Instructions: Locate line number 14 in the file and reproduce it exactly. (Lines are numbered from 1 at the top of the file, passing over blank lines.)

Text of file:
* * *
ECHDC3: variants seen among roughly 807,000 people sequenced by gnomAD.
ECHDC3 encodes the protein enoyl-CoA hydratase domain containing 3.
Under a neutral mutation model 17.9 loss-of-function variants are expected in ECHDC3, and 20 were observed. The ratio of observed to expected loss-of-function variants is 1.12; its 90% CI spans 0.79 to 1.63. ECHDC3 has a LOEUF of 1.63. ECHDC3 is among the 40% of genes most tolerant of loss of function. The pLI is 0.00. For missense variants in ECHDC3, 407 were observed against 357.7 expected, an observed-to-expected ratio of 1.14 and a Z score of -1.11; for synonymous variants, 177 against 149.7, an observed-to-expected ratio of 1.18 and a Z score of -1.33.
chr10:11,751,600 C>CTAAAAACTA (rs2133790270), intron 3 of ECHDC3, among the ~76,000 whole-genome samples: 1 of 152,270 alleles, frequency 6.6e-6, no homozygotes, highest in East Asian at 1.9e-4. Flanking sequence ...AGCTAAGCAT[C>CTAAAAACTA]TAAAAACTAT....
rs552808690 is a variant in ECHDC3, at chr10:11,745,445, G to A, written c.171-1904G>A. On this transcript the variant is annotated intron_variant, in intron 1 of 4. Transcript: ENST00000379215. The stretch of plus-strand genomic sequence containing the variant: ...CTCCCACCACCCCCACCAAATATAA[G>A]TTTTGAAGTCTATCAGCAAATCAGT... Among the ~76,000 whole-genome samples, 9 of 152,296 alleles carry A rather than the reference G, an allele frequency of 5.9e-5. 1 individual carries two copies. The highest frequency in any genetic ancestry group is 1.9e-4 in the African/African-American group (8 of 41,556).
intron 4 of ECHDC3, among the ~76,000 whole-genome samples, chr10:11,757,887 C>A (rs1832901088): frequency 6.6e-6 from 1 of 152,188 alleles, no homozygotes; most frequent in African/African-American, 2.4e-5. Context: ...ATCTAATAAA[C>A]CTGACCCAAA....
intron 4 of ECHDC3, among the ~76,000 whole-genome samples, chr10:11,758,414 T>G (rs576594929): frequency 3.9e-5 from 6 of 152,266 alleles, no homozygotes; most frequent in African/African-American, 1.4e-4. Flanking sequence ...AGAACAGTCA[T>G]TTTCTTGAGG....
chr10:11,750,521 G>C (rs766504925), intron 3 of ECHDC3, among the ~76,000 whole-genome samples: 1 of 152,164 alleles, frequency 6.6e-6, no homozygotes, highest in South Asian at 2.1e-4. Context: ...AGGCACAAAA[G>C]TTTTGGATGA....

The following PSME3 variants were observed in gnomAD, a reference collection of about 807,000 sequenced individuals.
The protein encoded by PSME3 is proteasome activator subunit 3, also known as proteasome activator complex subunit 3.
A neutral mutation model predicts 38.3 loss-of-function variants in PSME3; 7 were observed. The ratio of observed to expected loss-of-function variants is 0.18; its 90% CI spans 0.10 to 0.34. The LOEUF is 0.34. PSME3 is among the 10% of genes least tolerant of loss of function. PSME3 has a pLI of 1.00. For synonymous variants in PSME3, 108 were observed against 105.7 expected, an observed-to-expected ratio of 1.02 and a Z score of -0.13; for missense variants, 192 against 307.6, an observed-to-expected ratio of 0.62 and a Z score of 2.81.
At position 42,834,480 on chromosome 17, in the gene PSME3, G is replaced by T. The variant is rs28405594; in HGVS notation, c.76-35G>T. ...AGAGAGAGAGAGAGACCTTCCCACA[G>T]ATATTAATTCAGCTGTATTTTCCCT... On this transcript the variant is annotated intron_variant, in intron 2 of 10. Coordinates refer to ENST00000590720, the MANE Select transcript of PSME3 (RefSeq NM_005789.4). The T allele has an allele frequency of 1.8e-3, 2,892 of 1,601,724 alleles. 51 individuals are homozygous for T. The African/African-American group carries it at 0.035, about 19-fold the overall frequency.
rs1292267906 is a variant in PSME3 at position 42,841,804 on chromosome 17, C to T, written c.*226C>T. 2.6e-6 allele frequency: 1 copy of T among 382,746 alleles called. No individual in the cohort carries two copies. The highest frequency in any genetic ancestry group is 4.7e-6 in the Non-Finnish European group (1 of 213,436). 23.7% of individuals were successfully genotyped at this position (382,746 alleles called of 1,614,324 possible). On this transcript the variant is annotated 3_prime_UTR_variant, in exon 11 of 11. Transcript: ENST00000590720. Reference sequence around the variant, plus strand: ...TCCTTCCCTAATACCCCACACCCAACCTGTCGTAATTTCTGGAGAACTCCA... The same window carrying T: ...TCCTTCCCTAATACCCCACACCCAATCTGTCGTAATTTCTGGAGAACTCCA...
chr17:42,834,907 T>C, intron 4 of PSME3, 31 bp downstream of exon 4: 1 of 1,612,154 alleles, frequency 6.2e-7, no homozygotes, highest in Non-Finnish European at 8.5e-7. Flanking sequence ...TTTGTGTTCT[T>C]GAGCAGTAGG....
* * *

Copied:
chr17:42,834,907 T>C, intron 4 of PSME3, 31 bp downstream of exon 4: 1 of 1,612,154 alleles, frequency 6.2e-7, no homozygotes, highest in Non-Finnish European at 8.5e-7. Flanking sequence ...TTTGTGTTCT[T>C]GAGCAGTAGG....